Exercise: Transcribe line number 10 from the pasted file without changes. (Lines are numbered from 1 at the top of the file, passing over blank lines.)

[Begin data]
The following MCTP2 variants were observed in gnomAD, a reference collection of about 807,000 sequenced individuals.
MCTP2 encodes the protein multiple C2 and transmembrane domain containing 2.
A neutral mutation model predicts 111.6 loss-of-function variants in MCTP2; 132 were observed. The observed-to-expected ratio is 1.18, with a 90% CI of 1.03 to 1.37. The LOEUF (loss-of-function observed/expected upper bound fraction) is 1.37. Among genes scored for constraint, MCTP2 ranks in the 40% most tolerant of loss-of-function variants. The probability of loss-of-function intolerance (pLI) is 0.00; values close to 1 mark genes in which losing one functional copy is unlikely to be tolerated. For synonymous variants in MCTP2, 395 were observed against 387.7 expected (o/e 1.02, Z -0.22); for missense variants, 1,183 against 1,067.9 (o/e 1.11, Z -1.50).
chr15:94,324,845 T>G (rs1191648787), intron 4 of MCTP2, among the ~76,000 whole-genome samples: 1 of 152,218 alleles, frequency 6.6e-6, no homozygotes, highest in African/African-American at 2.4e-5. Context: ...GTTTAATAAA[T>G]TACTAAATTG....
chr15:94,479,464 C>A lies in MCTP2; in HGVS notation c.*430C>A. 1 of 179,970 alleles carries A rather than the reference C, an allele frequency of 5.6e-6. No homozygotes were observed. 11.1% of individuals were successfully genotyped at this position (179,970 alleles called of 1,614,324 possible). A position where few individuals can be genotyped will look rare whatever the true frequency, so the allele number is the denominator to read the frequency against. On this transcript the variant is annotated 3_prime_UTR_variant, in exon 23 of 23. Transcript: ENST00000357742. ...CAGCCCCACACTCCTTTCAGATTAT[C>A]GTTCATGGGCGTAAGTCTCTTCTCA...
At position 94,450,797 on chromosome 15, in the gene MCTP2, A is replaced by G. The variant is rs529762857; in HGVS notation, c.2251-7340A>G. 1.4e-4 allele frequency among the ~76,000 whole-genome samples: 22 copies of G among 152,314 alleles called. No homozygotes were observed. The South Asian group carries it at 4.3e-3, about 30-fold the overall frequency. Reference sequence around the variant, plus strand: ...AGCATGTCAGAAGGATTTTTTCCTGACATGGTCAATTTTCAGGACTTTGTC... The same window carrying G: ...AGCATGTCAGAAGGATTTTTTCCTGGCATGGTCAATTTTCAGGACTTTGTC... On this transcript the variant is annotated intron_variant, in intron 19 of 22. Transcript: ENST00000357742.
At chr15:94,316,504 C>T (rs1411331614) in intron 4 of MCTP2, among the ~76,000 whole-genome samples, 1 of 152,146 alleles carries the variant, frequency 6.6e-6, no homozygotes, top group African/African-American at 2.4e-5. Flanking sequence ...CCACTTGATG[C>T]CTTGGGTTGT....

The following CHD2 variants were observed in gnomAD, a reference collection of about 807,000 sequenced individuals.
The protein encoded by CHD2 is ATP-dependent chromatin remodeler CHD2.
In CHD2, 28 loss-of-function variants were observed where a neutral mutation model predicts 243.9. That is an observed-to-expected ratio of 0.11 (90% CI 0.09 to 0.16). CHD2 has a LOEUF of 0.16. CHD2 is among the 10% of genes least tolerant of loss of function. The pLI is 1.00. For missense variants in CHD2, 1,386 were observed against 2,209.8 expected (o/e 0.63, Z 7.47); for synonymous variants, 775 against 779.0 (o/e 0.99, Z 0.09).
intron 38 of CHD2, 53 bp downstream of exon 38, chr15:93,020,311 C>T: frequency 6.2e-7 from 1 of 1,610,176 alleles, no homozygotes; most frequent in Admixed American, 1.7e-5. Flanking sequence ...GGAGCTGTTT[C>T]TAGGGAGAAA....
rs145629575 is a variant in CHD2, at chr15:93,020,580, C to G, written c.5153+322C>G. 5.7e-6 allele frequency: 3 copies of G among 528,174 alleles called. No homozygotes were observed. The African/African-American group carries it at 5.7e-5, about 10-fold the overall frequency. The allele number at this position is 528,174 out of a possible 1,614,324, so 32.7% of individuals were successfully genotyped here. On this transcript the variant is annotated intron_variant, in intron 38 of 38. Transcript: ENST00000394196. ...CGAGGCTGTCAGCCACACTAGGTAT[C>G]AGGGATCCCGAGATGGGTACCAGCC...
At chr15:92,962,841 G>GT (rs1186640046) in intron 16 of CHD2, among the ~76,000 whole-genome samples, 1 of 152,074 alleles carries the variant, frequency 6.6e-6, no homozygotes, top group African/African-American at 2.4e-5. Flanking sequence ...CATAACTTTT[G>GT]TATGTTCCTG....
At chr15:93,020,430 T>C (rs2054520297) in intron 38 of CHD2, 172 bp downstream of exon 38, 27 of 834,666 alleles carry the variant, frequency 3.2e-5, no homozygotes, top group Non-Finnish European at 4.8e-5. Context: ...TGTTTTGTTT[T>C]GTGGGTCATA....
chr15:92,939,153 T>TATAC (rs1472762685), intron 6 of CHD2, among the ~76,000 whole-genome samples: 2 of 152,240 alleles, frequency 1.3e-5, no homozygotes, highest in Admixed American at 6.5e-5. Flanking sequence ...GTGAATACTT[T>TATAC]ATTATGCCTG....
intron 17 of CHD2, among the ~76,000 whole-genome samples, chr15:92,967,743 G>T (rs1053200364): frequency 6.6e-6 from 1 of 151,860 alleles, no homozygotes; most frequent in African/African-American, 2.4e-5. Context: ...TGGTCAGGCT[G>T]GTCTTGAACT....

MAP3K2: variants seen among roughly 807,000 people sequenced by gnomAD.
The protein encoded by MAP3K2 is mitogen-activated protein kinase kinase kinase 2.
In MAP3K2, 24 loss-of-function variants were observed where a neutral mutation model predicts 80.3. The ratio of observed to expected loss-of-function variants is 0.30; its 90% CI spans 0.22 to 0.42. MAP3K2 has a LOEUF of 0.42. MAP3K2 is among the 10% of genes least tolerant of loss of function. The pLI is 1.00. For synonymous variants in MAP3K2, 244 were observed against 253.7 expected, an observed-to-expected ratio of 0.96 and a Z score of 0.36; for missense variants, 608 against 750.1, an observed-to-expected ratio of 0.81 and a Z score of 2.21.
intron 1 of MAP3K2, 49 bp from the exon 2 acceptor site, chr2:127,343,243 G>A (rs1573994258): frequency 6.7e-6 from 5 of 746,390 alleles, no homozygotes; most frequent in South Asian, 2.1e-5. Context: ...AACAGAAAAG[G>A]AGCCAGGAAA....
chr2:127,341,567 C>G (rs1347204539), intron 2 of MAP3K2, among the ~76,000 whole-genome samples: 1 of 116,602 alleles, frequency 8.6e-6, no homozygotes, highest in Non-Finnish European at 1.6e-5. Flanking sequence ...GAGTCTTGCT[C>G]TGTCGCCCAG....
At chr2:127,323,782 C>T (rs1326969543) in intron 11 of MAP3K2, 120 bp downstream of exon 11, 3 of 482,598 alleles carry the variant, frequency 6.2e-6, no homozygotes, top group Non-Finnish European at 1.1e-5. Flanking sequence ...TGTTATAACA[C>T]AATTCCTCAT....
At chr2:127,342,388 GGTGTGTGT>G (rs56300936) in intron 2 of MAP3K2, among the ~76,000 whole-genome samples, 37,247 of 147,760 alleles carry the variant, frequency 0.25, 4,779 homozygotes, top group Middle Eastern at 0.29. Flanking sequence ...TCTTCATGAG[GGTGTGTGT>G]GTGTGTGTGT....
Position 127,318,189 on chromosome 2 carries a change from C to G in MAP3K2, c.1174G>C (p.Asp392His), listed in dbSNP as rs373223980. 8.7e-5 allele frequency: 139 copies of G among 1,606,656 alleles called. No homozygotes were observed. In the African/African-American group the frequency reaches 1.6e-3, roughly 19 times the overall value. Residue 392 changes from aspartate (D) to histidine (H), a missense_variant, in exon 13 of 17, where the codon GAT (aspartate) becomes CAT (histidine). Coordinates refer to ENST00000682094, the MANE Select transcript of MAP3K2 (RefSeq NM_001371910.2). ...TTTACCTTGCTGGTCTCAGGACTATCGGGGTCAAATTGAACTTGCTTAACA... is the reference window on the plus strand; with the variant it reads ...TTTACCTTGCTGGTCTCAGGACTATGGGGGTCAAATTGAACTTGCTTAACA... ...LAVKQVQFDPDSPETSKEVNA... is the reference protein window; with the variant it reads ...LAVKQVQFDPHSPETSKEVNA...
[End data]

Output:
In CHD2, 28 loss-of-function variants were observed where a neutral mutation model predicts 243.9. That is an observed-to-expected ratio of 0.11 (90% CI 0.09 to 0.16). CHD2 has a LOEUF of 0.16. CHD2 is among the 10% of genes least tolerant of loss of function. The pLI is 1.00. For missense variants in CHD2, 1,386 were observed against 2,209.8 expected (o/e 0.63, Z 7.47); for synonymous variants, 775 against 779.0 (o/e 0.99, Z 0.09).